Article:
Investors enter a hedge fund maze

Once the playthings of the wealthy, these complex products have now hit the high street. Should you be tempted? asks Sam Dunn

Their popularity is soaring, prices are falling and they're coming to a high street near you. Hedge funds, exotic financial tools more usually the preserve of the fabulously rich, have emerged from the shadows to find their way into the mainstream within the space of a year.

Their popularity is soaring, prices are falling and they're coming to a high street near you. Hedge funds, exotic financial tools more usually the preserve of the fabulously rich, have emerged from the shadows to find their way into the mainstream within the space of a year.

Last week, they took the final step of their journey from international financial wizardry to the much less mysterious British high street. The Woolwich has pushed hedge funds into the spotlight with a savings plan that lets you invest indirectly in an index of some 40 funds for as little as £3,000.

It is the latest in a line of summer manoeuvres by firms jockeying to cash in on investors' hunger for returns potentially as high as 20 per cent a year.

A hedge fund from Close Man, launched in June and asking for a minimum £10,000 stake, has been deemed so successful that the provider is to unveil a second fund this week.

"It's gone mad with hedge funds in the last few months," says Ryan Hughes of independent financial adviser (IFA) Chartwell Investment.

"People have been fed up with getting negative returns on their savings and are willing to try other things."

And they don't come more racy than hedge funds. Put simply, these aim to generate absolute returns - where you get back more than you put in - and to "hedge" investment risk by using complex products such as derivatives and options.

Managers adopt strategies that bet on different financial or geopolitical outcomes - and try to prosper in bad times as well as good. This is the key to the funds' appeal: markets may plunge but a hedge fund will endeavour to make money somewhere.

A popular hedge fund move is to "go short". A small fee is paid to borrow other people's shares and these are then sold in the hope of buying them back at a lower price later - making a neat profit in the process.

Some managers jump on price movements between commodities such as coffee or oil, while others might buy shares in both Tesco and J Sainsbury, say, to gain from industry boosts but cover themselves against poor performance by individual companies.

The funds trade offshore in places such as the Channel Islands to take advantage of light-touch regulation. In Britain, City regulator the Financial Services Authority has so far taken a prohibitive view, stipulating that hedge funds can be neither based here nor marketed direct to the general public.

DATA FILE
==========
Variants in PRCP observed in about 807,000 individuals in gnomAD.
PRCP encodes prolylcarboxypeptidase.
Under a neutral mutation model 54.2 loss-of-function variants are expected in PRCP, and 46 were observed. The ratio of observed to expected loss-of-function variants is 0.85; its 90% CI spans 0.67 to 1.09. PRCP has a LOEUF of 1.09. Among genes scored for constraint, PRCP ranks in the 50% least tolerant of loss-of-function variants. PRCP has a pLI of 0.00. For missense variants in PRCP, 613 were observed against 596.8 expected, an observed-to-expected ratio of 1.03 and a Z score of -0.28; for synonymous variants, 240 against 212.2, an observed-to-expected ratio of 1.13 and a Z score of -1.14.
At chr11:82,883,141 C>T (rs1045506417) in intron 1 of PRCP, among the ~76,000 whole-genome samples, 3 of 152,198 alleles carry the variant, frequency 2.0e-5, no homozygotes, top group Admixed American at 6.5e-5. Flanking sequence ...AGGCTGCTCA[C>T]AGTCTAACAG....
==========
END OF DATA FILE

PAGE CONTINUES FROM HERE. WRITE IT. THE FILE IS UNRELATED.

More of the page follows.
Not surprisingly, perhaps, their growth in popularity has sparked unease. Although IFAs increasingly suggest that they could be given a small space in individual portfolios - "no more than 5 or 10 per cent," says Justin Modray of IFA Bestinvest - there is concern at the number of products available. The danger is that a glut of funds all using the same techniques and chasing the same markets will lead to smaller gains, Mr Modray warns. "The more funds there are spotting opportunities in the market, the fewer opportunities there will be."

Cash has already poured into the best-performing funds, which are now closed to new money, he adds. "If you get into the market now, there's a danger that you'll be getting second-rate managers."

He and other IFAs are also concerned at the emergence of hedge funds that guarantee your money back if performance wanes. Products from both the Woolwich and Close Man include a promise to protect your money.

The Woolwich plan, which is also being sold in Barclays branches, will return all of your original investment if the FTSE Hedge index takes a nosedive - as long as you keep your cash locked up for the full five-year term. However, there is a catch: you'll only get two-thirds of any index growth.

Paying such a high price for peace of mind may not be worthwhile, says Ian Lowes of IFA Lowes Financial Management. "You have to ask [yourself] if now really is the time for protection with such funds; they are preying on fear of loss [among investors]." And people taking a punt on hedge funds now could lose out on a stock market rally over the next few years, he adds.

Mr Modray says a well-run hedge fund shouldn't need a safety net. "Having a protection product is a bit superfluous: the whole idea of a hedge fund is that it mitigates market risk."

Sceptics might suggest that the funds have come to the fore because, in Mr Modray's words, "nothing else is really selling - companies are jumping on the bandwagon". However, if you are still prepared to take a punt, most IFAs recommend buying shares in a fund of hedge funds to spread the risk.

These products are usually investment trusts and can be bought from a broker or IFA. Mr Modray likes Thames River Hedge+, and Alternative Investment Strategies.

If you do have a spare £10,000 or more, are prepared to accept the risk and want to buy directly into a hedge fund, watch out for the high costs involved. As well as the expense of buying into the fund and the annual management charges, you face the prospect of hedge fund managers creaming off up to 20 per cent of the profits in fees.

It can also be difficult to monitor the performance of hedge funds, given that most are reluctant to share information openly.

If you are at all unsure, Chartwell's Mr Hughes has a reminder: "Don't invest in anything you don't understand."

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